The problem at the moment is that there are too many people with an unhealthy appetite for financial risk. I am sorry to keep emphasising this point, but sooner or later that ends in tears. The Portsmouth example, they said there would never be an administration in the Premier League. Well, there it is, read it. It is a sad read. What went on at Manchester City with Thaksin Shinawatra was absolute skin of the teeth escape from a financial disaster. The same thing up at Liverpool. Now, how long do you have to continue to be lucky? The central point is English clubs will not be disadvantaged because everybody in Europe, if it is implemented correctly, will be subject to the same rules. What is necessary is for the English football authorities to now engage in active partnership with UEFA. I am not saying they are not active partners at the moment but just that maybe they could be more active partners, because what English football has to say is important for the future of European football.

Patrick Collins: I very much agree with that. It is risking everything to speak about debt with two economists here, but we are constantly told that debt is no bad thing, that everybody has debt, that sustainability is the thing. Then we see Manchester United, a club that never owed a penny, suddenly saddled with £750 million worth of debt and Liverpool, run by the much loved Hicks and Gillett, amassing debts of £351 million. Those are extraordinary figures and the public thinks that is wrong, and I think the public are right to think that.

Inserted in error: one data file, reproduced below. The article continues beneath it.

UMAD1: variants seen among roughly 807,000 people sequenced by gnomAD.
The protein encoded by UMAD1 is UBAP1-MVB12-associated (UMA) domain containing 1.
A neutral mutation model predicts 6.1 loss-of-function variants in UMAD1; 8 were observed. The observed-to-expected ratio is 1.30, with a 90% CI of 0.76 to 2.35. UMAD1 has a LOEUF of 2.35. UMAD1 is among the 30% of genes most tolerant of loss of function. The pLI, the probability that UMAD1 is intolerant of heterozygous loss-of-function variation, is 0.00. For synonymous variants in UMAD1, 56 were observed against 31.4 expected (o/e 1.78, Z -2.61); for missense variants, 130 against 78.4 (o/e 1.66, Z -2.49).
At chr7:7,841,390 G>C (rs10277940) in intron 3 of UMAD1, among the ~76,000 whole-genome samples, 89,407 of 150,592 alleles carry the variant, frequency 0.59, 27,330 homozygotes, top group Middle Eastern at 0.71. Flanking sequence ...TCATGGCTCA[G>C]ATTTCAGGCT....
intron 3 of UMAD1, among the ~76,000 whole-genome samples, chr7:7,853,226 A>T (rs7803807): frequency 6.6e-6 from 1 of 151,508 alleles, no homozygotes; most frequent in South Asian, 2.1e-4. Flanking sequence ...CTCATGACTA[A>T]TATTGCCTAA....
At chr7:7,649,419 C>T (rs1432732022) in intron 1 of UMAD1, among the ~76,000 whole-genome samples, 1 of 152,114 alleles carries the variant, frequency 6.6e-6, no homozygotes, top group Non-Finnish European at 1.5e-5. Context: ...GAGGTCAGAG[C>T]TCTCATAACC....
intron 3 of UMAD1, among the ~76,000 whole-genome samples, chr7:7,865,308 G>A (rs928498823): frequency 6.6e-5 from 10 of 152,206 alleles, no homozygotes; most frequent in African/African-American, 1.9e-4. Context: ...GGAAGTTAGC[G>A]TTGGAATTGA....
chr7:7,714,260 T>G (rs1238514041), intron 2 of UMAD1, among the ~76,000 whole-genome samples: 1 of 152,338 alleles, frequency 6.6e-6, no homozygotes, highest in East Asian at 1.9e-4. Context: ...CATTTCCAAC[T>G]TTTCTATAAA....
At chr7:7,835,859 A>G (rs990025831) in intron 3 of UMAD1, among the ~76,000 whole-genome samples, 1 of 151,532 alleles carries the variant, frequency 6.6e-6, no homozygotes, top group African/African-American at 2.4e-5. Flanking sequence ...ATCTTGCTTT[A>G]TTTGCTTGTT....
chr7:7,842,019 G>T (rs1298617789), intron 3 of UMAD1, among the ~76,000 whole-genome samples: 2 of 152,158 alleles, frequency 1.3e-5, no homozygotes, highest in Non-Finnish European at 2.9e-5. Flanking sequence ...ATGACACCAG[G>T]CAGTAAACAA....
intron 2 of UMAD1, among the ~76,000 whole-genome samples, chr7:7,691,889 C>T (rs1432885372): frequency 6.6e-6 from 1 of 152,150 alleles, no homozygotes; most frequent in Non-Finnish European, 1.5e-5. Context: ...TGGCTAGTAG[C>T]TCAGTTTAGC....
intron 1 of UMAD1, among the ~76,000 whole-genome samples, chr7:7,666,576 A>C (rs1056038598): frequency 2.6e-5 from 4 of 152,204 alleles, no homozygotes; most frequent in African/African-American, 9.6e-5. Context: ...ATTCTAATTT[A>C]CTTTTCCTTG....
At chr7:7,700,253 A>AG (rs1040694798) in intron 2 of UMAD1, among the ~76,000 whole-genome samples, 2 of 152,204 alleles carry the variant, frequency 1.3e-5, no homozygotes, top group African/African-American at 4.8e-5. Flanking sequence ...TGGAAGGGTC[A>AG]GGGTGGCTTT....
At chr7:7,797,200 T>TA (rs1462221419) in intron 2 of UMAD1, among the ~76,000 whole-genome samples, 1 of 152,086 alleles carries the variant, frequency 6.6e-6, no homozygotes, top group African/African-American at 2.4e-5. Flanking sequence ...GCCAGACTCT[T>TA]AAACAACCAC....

But there was one thing I noticed. One of your next witnesses, Lord Triesman, in 2008 said, and I quote, "I don't think anybody who is rational can look around this environment we are in and think they are immune. Football is obviously carrying a pretty large volume of debt. People will be making business judgements about whether it is sustainable or not but it is carrying quite a large volume of debt. We now have a position where it is very hard to track things. It's not transparent enough and we don't know, if we are able to track it, if the debt is held by people who are financially secure or not." Triesman was roundly condemned for that but I think he had it absolutely right and I think he is still right.